Shauna Osborn



Tso?mepu / Harvest



Excerpt from Turu?ai wa?ipu (Working Woman)

We are up before dawn, the older ones fumbling into the threadbare work clothes laid out before bed. I am still sleepy and don’t want them to move. I can feel every shift of weight on the mattress we share. Every noise is too loud. They are lacing their shoes, taking turns at the bathroom sink to splash water on their faces or rinse toothpaste out of their mouths. I pull the yellow sheet with tiny daisies on it over my head to block out the light. Soon, one of them will pull the sheet back or pull me out from underneath it by my feet. This happens every day. I do not like waking up most mornings.

Dad helps me put on my shirt and shorts while Momma and Grandma finish cooking breakfast. The familiar pops and sizzles of bacon frying battle the sounds of the coffee brewing in the pot. Momma comes back in, runs a wet blue washcloth over my face, hands me the bar of soap so I can wash my hands, and then helps me buckle my sandals. Dad pulls his curly hair back into a ponytail with a thin strip of brown leather and hands Momma our comb. She combs her flat black bangs onto the top of her head and sticks them there with a green barrette. From our window, I watch Ara who’s outside by the porch light getting feed for the dogs while Momma brushes my hair. Fluffy and Rascal weave between Ara’s legs, trying to get him to drop the food before he makes it to their feed bowls. Those impatient dogs always make me smile. When Momma’s finished we go to the kitchen, where Grandma and Papa are at the table finishing their first coffee and cigarettes of the day.

Grandma gives me a little mug of coffee-flavored milk, a kiss on the forehead, and a dense biscuit. I immediately dunk the bread into the mug and let it soak up as much milk as it can, then stick it in my mouth and begin to suck. She sits back down across from me at the table to finish her coffee. Dad and Ara are standing near the sink, stacking biscuits into thin white kitchen towels to take on the road while stuffing greasy bacon strips in their mouths. Ara likes to scrape his biscuits in the cast-iron skillet used to fry the bacon. Dad pulls an extra towel out for himself. He has to wipe his face off good after he eats biscuits—he always gets honey or strawberry jelly in his beard, which is funny. Sometimes he doesn’t catch it all when he cleans up. If Momma doesn’t check, he’ll leave the house like that—obvious sticky colored streaks in his blonde beard.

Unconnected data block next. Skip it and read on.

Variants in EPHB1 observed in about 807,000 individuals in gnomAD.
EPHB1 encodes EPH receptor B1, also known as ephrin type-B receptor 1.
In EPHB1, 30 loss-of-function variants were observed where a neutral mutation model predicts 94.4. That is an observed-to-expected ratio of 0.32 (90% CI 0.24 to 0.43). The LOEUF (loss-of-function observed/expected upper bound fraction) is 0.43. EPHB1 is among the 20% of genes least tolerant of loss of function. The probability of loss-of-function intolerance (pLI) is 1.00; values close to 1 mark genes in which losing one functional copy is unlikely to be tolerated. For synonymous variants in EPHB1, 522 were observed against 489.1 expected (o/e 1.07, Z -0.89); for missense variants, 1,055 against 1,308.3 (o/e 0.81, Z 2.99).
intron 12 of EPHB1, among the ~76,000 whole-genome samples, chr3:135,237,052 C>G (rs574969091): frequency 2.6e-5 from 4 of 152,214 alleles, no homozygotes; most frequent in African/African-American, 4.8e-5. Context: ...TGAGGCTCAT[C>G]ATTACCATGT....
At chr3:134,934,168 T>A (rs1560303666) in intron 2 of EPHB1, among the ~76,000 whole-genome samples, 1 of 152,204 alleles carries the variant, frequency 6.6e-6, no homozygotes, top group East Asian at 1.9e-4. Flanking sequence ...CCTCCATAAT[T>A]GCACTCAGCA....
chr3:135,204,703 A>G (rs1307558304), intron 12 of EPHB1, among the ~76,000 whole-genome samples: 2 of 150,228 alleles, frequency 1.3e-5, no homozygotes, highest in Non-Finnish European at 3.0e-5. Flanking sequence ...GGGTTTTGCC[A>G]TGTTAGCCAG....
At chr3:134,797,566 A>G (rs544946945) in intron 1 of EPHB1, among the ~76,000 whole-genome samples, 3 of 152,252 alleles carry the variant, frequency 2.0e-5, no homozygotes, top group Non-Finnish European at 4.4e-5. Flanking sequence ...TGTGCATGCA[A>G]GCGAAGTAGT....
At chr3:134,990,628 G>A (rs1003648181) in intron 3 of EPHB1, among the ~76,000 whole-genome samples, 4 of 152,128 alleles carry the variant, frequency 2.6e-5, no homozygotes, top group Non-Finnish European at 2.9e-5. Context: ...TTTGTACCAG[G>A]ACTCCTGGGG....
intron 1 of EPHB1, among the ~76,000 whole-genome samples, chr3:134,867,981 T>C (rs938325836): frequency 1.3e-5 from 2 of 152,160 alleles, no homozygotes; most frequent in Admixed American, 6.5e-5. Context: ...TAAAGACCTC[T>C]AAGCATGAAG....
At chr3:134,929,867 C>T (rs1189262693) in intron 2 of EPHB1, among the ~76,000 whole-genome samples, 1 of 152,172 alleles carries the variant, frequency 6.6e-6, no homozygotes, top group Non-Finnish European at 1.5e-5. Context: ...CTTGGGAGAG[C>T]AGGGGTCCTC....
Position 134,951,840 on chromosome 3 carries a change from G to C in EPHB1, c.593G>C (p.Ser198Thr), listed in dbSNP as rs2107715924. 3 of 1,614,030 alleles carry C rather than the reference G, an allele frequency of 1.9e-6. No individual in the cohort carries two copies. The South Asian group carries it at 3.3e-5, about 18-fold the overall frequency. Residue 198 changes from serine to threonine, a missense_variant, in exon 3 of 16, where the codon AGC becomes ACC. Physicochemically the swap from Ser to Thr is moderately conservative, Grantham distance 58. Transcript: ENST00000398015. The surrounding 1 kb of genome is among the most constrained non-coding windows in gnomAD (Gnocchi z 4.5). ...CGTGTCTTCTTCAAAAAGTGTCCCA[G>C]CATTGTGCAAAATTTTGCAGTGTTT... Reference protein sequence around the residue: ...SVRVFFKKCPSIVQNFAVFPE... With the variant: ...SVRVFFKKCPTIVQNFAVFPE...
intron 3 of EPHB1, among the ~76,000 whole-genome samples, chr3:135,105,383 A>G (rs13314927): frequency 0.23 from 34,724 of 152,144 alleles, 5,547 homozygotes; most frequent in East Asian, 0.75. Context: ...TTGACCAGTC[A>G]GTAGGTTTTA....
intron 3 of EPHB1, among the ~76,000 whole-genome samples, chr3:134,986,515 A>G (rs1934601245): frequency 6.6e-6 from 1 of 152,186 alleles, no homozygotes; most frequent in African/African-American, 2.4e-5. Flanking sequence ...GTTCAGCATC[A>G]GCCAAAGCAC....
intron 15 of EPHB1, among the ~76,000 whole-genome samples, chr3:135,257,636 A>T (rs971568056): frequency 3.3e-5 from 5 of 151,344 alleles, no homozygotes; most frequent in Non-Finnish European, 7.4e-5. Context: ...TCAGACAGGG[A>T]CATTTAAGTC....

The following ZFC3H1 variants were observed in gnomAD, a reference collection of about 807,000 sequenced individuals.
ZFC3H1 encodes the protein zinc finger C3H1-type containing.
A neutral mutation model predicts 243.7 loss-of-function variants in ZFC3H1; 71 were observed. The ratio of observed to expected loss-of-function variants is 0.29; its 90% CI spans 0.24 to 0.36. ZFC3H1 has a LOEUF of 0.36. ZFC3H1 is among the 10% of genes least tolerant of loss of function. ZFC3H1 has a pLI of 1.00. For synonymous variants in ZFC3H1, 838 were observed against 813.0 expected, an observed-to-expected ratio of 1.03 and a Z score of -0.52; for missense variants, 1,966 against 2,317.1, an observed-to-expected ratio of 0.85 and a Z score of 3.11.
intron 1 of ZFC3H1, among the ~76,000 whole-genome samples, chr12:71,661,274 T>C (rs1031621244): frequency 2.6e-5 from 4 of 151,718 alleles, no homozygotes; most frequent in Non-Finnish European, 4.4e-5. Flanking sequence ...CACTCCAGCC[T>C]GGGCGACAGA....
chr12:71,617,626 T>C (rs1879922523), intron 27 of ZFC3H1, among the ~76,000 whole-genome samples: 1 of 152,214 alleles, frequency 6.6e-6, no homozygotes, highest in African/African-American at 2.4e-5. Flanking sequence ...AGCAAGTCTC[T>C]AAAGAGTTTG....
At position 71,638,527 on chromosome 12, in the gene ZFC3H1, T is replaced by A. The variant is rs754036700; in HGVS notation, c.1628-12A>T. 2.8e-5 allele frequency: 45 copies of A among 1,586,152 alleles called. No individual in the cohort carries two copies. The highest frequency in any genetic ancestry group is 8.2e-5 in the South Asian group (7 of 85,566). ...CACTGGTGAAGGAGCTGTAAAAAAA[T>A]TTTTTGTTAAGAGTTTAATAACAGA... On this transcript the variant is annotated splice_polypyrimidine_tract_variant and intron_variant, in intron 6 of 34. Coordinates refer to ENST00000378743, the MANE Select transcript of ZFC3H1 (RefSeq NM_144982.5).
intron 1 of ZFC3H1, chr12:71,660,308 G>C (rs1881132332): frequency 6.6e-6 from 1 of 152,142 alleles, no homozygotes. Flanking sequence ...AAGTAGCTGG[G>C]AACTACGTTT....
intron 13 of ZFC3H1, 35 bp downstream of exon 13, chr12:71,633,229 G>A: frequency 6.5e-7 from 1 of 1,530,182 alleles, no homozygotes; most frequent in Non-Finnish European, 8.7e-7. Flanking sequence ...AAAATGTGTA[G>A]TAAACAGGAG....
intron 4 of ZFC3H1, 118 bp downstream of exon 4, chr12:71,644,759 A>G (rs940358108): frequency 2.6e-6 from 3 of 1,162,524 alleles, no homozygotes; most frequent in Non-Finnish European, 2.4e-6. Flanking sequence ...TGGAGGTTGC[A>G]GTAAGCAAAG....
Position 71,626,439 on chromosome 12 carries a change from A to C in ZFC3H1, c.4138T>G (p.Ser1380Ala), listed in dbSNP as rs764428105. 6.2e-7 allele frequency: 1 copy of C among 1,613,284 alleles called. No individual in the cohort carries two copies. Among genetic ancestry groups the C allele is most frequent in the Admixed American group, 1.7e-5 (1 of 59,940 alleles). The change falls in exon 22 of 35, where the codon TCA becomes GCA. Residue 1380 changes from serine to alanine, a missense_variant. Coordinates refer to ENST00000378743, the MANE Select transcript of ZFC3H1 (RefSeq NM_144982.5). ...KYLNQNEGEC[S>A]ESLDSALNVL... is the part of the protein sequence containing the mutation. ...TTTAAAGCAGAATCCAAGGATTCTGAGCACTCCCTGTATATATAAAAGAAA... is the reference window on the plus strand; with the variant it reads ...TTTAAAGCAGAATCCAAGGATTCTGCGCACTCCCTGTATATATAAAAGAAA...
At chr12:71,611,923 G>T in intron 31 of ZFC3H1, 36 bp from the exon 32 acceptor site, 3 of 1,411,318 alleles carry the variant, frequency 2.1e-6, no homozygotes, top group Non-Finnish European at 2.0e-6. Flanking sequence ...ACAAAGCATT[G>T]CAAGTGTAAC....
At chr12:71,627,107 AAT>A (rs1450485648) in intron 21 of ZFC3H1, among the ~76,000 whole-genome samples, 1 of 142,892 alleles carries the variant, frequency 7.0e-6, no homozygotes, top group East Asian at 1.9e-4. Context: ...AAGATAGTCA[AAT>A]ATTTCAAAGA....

Papa has finished his cigarette and now starts filling his army green metal thermos from what’s left in the coffee pot. He drinks coffee for lunch more often than he eats. He’d feel lost without that thermos. Momma is dumping the large plastic containers of ice from the freezer into our huge orange water cooler. By the time everyone’s gotten real thirsty, some of that ice will have melted. Ara made tea and begins pouring the hot liquid into two large twist top bottles already half full with cold water. No matter how much tea and water we bring, everyone always wants more.

We are silent this part of the morning, everyone going about their part of the sleepy hour in the soft yellow light of the kitchen, surrounded by the slosh of pouring liquids and the bug sounds coming in from the open windows. Everyone knows their chores and does their part. I am too small and unsteady on my legs to help with many things, so I wipe up the messes left on the dusty wooden floor with a rag and help Grandma put all the dirty dishes in the sink. The others go outside and start loading the trucks. I have tried to help put away food, pour water, make sandwiches, and carry not so heavy things to the trucks in the past. I am always too slow, which frustrates Papa and starts a flurry of angry, rapid Spanish from his tight lips. He only speaks Spanish around us when he is angry, which happens more often during harvest season.